The nose on the beer is more IPA than Belgian. While there is a definite fruitiness on the back end, front and center is a nice, sap-like, pine essence. 
 
This pine essence, paired with an aggressive bitterness, is most apparent on the palate on the first wash of suds over my taste buds. Initially, from this, I was expecting more IPA than Belgian, which isn’t in itself a bad thing, for I love a great hoppy beer, and my track record enjoying the esters of Belgian and Belgian style beers has historically been hit and miss. 

Luckily for me, my taste buds, and those of anyone blessed with a bottle of this beer, the hoppiness was not so extreme as I finished the first snifter of ale. As my mouth acclimates to the tacky brew and hops, the beer’s Belgian aspects really develop to a wonderfully complex play between the citrus and pine aspects of the rhizomes and a nice apple and pear like fruitiness of the yeast.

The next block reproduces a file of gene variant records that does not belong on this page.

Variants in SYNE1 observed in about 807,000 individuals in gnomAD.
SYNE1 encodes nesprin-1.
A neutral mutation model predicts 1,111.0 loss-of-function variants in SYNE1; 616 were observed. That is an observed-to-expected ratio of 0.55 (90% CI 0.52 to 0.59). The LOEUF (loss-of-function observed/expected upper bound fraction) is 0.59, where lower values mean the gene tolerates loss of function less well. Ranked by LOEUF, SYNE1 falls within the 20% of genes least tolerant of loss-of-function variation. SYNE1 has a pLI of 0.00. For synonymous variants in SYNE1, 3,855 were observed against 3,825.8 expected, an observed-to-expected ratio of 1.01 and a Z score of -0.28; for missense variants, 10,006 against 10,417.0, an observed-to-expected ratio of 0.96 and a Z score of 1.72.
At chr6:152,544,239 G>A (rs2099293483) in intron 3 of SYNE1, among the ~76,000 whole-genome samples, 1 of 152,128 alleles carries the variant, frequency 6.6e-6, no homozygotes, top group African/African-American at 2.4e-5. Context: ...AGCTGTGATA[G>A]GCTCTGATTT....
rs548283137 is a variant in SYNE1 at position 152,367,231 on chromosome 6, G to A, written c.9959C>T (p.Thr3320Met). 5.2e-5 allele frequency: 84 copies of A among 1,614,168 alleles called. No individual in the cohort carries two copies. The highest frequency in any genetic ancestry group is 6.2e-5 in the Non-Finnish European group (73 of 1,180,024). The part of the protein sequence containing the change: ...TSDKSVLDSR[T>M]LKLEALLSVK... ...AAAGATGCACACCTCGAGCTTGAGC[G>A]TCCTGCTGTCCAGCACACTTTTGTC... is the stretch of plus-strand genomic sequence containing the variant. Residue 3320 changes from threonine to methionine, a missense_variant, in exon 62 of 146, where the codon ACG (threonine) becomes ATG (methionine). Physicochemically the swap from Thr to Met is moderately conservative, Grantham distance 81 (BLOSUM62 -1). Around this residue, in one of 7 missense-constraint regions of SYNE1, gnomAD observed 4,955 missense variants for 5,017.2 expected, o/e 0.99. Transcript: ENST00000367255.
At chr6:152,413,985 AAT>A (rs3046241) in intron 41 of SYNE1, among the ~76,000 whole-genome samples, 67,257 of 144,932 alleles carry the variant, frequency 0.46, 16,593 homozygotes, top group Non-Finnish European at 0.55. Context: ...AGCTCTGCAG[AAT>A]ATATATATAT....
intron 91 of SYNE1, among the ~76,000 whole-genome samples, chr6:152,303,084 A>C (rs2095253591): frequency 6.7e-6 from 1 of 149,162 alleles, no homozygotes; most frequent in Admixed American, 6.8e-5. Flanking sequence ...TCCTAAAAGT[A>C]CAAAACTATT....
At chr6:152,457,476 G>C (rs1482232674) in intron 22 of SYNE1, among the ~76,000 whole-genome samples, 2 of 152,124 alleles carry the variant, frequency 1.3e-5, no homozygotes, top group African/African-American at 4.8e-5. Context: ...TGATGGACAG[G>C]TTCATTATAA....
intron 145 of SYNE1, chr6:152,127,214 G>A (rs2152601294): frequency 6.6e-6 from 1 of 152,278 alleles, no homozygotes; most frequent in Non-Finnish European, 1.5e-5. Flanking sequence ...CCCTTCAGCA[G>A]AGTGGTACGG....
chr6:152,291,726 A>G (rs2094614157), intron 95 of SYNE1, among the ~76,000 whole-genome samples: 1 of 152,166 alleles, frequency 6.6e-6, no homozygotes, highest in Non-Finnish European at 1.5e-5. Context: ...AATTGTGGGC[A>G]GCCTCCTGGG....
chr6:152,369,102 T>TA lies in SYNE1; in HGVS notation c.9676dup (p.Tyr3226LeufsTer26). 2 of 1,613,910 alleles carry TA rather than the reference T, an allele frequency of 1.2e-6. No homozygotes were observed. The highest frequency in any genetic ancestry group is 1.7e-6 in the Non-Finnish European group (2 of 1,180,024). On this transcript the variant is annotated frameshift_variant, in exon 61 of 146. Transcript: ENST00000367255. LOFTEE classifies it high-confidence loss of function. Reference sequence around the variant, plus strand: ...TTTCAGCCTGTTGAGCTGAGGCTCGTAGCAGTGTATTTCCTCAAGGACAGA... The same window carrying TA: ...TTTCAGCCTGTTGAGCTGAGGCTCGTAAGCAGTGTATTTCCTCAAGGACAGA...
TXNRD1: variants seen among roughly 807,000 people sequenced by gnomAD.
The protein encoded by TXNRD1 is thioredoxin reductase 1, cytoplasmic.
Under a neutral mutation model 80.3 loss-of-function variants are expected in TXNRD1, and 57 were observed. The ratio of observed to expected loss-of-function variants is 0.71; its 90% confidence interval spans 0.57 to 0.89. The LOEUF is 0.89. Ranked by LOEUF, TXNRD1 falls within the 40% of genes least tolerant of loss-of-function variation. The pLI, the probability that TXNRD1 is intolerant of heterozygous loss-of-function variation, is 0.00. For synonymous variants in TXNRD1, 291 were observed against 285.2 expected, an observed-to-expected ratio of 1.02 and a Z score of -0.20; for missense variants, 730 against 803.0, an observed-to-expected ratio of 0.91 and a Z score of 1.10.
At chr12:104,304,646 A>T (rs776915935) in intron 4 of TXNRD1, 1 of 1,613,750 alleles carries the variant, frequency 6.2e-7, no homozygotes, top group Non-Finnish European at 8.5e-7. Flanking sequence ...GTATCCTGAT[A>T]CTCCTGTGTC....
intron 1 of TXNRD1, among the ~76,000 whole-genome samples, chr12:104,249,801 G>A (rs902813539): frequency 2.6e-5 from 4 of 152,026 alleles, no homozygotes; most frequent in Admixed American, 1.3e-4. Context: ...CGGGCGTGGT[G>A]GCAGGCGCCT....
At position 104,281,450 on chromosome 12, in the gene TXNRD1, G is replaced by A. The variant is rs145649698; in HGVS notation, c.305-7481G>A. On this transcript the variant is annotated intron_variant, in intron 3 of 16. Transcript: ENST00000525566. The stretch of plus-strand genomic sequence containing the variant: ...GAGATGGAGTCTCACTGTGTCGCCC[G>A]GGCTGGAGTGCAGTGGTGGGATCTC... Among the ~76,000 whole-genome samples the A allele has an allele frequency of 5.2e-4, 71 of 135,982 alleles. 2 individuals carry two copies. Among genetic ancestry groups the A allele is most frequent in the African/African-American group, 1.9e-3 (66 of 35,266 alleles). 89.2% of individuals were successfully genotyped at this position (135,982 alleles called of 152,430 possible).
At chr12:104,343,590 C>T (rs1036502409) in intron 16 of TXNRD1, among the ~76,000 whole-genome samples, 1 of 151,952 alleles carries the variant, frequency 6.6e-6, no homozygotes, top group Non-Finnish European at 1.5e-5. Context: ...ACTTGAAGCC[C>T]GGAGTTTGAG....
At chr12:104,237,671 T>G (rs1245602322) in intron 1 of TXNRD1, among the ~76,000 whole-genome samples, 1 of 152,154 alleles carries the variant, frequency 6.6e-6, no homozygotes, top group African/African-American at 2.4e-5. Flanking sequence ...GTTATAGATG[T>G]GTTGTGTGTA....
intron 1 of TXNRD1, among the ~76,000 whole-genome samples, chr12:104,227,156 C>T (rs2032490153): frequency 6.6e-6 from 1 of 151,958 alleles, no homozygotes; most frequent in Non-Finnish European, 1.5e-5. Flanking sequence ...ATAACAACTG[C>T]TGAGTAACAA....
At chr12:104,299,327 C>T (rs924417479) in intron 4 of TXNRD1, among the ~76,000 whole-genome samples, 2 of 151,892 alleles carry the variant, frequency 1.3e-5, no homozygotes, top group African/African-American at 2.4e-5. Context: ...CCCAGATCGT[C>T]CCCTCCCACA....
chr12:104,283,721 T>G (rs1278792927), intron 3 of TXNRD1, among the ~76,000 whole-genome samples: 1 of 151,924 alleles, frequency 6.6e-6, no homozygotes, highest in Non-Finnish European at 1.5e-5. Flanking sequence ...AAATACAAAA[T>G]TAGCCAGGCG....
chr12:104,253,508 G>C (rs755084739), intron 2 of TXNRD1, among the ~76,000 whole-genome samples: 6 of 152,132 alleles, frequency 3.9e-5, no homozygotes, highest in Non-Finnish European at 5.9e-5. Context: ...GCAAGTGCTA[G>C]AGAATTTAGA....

Overall, this beer is just excellent. It’s complex, hoppy, and about as solid as a lead weight. The only way to improve this beer is to make it more sessionable, because despite my level of intoxication, my only desire is to have another. 

Prost!

 

Tuesday, April 30, 2013

Real Ale Brewing Company’s Brewers’ Cut #1, Signature Hop Pale Ale




It’s been a nice, long, relaxing day here at Casa de Crisco. A power outage thwarted my plans for getting stuff done around the house, and I somehow took it easy despite having a few tasks on my plate.  To reward my day of sloth, I am having a pre-dinner cocktail and letting Pandora do its thing. 

The station, Vampire Weekend, the beer, Real Ale Brewing Company’s Brewers’ Cut #1, Signature Hop Pale Ale, featuring Hercules hops.